Former police officer sentenced to life in prison in St. Johns County molestation case

A St. Johns County man convicted in December of three counts of lewd and lascivious sexual battery was sentenced to life in prison on each count last week. James Scharfschwerdt was accused of molesting one boy after getting teens to his home by promising fishing trips and alcohol, according to a report in the St. Augustine Record. All three St. Augustine Sex Charges involved the same teen, who is now 19, the newspaper reported.

During the trial, Scharfschwerdt admitted to giving boys alcohol and swimming naked with them, but denied molesting anyone. All of his Florida sex charges centered around one boy, but three other teens also testified during the trial that Scharfschwerdt did the same thing to them. That’s where there could be an issue in this St. Johns County Sex Crimes case. If the state had enough evidence to charge Scharfschwerdt in the three other cases, then it should have prosecuted the cases. If not, they should not have been able to testify.

State law, under the Williams Rule, allows testimony related to similar crimes, but the testimony cannot be used as a “feature” of the trial. In this St. Johns County Sex Crimes case, it likely changed the entire makeup of the trial. With the victim and Scharfschwerdt being the lone witnesses to the alleged molestation, the case is a classic St. Johns County Sex Crimes case with one person’s word against another’s. But with three other boys testifying, despite the fact the state chose not to prosecute their cases, the jury is presented with an entirely different scenario. The jury is presented with a pattern of Scharfschwerdt’s behavior, which would have to have an impact in the jury’s mind as to whether he is guilty of molesting the one boy he was charged with molesting. People are naturally inclined to put more weight in a story where four people are saying a similar thing, as opposed to just one.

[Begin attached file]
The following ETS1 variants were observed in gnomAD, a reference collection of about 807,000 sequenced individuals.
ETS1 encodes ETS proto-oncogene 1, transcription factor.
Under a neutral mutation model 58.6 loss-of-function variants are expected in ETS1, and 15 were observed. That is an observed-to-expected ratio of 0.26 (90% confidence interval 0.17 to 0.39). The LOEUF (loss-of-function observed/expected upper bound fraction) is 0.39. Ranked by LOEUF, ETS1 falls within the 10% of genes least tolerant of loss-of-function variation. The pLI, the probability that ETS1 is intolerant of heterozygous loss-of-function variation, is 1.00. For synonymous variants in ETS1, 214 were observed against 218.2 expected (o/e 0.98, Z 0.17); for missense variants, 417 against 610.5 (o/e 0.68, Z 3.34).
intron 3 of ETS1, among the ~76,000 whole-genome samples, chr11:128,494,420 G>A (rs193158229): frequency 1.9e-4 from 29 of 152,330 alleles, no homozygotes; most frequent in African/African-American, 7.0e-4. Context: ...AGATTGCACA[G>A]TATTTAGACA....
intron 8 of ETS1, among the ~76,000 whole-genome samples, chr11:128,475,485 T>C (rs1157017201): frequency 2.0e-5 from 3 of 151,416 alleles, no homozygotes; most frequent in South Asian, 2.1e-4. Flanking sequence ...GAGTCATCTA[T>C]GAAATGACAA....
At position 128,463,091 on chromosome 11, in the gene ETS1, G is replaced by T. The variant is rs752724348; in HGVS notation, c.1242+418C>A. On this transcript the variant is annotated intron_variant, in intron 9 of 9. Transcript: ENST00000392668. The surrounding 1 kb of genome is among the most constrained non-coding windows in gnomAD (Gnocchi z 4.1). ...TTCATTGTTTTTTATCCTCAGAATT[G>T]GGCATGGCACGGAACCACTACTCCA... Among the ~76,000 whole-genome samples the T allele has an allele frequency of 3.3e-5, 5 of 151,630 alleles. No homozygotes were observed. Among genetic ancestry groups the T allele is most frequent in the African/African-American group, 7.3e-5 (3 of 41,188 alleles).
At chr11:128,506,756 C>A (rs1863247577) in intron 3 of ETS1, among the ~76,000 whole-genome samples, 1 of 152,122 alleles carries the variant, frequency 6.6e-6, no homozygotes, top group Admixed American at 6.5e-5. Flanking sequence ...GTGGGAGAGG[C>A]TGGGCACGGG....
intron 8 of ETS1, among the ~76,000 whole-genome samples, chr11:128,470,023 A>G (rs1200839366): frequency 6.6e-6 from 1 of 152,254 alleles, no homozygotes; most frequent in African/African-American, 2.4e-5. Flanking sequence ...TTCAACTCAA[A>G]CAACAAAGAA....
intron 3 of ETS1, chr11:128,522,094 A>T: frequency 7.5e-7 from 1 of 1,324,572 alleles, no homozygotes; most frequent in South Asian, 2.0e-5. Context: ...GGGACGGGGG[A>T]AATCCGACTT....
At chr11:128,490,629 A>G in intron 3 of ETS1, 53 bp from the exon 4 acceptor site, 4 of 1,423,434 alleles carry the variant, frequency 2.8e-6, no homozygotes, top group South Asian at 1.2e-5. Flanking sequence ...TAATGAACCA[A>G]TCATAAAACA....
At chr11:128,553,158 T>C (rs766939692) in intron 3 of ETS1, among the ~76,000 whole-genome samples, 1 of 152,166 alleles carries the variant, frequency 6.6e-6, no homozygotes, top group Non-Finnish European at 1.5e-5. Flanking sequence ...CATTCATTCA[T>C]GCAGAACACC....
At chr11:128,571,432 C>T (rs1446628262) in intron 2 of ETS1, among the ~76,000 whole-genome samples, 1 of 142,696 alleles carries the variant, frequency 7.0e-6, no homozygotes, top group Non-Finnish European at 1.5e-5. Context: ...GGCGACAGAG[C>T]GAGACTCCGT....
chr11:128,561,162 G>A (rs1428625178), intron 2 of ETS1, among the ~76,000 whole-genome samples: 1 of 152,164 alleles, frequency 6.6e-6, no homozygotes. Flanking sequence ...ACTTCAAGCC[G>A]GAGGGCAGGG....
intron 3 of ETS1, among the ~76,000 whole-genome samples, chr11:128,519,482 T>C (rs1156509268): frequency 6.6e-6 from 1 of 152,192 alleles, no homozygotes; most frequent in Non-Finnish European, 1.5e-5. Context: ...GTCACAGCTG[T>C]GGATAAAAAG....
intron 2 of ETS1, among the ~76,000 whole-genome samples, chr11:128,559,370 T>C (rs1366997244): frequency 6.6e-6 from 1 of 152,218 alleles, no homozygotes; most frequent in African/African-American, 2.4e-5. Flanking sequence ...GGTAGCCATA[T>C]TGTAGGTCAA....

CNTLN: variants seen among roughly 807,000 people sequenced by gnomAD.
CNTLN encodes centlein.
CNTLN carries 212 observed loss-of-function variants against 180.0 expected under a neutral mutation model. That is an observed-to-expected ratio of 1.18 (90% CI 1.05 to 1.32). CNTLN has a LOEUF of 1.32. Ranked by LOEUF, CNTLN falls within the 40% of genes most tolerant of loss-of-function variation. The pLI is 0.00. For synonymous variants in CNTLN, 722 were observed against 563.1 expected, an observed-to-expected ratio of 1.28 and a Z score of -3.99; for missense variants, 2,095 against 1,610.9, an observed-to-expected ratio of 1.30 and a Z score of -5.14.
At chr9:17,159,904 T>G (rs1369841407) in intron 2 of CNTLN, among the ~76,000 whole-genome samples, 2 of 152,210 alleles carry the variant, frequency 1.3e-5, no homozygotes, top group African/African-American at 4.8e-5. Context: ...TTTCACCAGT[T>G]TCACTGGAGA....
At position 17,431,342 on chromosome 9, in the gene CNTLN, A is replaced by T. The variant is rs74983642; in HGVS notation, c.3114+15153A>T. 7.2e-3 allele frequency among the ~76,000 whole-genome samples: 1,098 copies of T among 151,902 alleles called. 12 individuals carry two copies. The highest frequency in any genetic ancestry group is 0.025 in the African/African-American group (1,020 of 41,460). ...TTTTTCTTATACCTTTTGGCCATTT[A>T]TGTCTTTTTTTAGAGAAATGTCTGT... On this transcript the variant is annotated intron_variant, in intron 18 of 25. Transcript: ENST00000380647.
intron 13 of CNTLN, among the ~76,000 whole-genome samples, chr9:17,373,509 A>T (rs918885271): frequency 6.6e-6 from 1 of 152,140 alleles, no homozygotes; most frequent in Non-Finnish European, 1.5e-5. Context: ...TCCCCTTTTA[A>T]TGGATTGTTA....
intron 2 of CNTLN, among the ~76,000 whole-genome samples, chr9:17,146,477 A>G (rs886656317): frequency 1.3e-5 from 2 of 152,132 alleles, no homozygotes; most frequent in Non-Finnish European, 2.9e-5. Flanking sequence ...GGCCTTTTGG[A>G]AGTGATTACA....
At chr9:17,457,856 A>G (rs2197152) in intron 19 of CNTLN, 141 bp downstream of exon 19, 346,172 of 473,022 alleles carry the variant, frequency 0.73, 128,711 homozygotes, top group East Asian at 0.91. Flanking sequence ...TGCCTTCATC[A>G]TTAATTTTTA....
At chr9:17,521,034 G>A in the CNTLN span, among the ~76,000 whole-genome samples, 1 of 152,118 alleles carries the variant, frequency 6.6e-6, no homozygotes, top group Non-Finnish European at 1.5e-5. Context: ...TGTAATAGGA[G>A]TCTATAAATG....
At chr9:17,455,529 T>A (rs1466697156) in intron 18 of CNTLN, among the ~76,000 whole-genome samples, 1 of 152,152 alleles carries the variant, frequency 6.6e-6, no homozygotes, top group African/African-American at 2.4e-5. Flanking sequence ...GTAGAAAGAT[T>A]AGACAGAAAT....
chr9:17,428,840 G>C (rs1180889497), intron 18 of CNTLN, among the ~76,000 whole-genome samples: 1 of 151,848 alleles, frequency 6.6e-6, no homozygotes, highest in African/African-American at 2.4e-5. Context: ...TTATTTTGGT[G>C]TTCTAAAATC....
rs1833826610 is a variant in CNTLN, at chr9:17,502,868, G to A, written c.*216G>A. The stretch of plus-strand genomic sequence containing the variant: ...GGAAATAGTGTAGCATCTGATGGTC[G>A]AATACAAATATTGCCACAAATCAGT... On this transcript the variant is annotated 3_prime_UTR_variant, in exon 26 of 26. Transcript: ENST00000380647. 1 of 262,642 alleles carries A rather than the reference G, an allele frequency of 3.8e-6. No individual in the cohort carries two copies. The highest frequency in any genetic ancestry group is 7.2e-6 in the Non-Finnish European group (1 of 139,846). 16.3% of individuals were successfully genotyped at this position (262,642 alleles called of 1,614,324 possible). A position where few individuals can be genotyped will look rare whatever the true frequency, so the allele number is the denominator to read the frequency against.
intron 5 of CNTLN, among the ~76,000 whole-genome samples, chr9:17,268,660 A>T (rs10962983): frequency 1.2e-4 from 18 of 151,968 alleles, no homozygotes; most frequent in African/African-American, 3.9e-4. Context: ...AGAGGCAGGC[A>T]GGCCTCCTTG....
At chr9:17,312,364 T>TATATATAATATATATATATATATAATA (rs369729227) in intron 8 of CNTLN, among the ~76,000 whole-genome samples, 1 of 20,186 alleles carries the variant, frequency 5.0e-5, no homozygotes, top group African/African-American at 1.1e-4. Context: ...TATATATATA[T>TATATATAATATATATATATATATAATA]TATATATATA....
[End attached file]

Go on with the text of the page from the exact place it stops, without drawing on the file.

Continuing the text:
Defense attorneys argued for a new trial, specifically based on allowing the testimony of the other three boys, the newspaper reported. The judge denied the request, but it is likely that decision will be appealed to a higher court and one can never predict what may happen there. From the perspective of a St. Johns County Sex Crimes Attorney, there’s a reason why there are limitations on what a jury is allowed to hear in a case. For example, if someone is on trial for a DUI, the jury does not know if it’s a person’s first offense or if they’ve been convicted of a similar crime before. And that applies to convictions. In this case, Scharfschwerdt wasn’t even charged, much less convicted in the three other alleged crimes. Sex crimes are often seen differently than other crimes and there’s a propensity among jurors to assume that if an accusation is made, then it must be true. Our St. Johns County Sex Crimes Attorney has represented hundreds of people accused of sex crimes in Duval, Clay, Nassau and St. Johns Counties. She can examine all of the evidence and potential testimony carefully to help determine what can be used against you or your loved one.

If you or a loved one needs a criminal defense attorney in St. Johns County or the surrounding area, call The Mussallem Law Firm at (904) 365-5200 for a FREE CONSULTATION. Our St. Johns County Duval County Sex Crimes Attorney, Victoria “Tori” Mussallem, is available 24 hours a day, 7 days a week.

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